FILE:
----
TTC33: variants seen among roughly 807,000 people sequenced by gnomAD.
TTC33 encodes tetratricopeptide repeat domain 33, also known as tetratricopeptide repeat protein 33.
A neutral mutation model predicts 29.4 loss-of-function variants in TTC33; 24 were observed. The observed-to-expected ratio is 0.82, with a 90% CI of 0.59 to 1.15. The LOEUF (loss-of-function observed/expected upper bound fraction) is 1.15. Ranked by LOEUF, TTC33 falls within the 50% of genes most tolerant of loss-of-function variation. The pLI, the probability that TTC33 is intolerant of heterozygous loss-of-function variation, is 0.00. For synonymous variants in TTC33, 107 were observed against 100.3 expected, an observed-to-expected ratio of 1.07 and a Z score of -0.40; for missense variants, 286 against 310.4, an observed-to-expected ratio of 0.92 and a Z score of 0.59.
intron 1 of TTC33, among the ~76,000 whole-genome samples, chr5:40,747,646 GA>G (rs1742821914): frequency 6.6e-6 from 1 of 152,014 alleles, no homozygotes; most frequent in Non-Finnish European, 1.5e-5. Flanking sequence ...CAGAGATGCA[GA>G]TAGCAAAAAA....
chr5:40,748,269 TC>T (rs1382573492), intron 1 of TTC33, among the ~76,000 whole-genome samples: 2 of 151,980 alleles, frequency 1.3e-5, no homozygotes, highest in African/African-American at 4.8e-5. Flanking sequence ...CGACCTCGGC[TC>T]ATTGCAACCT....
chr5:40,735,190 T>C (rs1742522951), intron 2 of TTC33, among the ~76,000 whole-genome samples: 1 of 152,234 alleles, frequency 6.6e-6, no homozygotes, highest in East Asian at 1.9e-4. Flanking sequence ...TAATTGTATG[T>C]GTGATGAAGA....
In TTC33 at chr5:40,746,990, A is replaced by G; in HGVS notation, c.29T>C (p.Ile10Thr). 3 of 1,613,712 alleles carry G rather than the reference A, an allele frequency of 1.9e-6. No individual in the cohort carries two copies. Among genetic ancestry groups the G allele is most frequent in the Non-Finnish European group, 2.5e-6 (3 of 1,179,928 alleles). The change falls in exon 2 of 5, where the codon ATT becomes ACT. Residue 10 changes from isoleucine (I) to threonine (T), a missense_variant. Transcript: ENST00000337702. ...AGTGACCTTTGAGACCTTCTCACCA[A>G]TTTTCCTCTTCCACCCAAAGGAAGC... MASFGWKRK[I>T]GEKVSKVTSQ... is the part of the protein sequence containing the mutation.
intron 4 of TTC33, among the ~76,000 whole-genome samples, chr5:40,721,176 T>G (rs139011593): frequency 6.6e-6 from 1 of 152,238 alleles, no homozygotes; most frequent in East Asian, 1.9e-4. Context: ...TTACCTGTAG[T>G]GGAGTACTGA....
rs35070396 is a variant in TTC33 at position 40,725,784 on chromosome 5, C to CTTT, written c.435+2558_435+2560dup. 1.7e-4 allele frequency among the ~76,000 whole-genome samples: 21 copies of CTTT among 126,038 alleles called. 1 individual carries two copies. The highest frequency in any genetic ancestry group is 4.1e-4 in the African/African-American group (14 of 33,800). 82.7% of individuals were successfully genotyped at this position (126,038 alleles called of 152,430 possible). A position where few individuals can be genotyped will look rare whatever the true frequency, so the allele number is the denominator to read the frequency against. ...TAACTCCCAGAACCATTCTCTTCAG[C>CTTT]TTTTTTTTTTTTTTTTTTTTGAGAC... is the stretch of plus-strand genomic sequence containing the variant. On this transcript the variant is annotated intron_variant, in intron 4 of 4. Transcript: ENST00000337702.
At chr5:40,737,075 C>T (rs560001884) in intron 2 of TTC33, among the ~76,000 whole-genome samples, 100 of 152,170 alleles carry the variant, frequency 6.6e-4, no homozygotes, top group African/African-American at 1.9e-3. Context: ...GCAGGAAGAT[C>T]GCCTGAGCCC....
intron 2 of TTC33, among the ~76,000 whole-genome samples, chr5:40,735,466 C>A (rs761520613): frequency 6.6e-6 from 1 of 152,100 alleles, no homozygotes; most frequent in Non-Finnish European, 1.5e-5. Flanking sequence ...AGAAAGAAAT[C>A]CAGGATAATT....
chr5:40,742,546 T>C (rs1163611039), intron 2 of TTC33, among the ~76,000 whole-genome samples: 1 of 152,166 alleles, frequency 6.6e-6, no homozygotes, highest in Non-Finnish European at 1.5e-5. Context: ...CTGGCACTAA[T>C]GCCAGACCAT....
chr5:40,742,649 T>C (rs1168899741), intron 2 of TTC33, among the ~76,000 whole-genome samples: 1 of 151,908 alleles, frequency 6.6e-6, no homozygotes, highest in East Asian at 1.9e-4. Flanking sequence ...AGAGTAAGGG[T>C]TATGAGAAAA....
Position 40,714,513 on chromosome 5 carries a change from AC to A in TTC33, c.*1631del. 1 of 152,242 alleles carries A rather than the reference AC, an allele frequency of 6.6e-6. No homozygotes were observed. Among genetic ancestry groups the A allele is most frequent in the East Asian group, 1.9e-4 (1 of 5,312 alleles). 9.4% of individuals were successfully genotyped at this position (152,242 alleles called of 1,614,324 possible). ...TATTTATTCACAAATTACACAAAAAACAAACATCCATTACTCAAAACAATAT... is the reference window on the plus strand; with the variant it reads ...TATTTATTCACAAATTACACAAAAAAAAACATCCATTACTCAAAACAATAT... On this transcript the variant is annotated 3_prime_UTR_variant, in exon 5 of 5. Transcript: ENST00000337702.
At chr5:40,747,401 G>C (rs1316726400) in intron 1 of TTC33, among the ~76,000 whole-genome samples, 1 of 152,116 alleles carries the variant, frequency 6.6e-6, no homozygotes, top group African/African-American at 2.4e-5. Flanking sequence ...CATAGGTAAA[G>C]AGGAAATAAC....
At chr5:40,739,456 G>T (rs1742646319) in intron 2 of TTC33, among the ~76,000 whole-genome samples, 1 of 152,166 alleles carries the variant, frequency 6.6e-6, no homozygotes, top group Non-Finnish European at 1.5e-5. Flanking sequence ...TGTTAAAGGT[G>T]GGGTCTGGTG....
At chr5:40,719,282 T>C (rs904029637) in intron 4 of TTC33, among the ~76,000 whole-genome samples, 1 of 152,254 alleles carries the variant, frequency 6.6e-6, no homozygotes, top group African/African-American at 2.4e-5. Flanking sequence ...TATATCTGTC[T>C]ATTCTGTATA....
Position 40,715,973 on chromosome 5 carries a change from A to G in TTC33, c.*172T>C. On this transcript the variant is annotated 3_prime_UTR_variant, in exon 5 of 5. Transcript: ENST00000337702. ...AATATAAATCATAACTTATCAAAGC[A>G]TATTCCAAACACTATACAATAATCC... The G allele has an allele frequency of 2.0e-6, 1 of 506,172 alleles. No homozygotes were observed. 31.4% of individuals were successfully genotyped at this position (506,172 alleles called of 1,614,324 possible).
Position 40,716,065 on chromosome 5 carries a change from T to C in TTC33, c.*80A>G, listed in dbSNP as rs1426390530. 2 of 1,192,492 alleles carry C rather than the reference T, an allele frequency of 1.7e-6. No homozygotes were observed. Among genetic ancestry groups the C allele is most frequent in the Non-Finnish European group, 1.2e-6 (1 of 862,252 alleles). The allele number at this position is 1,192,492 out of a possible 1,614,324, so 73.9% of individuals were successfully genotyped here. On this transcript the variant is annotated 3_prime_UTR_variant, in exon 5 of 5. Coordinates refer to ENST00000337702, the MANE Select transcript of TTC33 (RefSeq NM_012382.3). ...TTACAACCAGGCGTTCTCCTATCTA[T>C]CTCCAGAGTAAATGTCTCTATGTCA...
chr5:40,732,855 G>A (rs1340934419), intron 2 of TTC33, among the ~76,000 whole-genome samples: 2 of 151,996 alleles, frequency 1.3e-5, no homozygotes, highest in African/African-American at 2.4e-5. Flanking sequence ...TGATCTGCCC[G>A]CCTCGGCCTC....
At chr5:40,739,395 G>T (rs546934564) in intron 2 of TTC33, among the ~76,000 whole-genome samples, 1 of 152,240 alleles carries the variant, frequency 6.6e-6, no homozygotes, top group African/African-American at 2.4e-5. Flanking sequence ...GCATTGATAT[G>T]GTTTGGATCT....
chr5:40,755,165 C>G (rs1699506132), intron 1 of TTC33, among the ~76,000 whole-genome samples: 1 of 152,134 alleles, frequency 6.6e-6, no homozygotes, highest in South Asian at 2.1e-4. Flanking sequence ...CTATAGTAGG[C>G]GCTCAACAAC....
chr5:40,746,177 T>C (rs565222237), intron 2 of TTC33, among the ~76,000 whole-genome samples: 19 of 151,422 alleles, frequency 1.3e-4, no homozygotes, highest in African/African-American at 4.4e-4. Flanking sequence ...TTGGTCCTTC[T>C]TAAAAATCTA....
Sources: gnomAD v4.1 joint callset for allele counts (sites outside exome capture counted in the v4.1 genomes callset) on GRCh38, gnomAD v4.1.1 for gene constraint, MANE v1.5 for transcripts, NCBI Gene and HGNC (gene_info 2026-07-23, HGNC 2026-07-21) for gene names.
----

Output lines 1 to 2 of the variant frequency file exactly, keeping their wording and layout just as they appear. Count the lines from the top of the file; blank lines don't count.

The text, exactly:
TTC33: variants seen among roughly 807,000 people sequenced by gnomAD.
TTC33 encodes tetratricopeptide repeat domain 33, also known as tetratricopeptide repeat protein 33.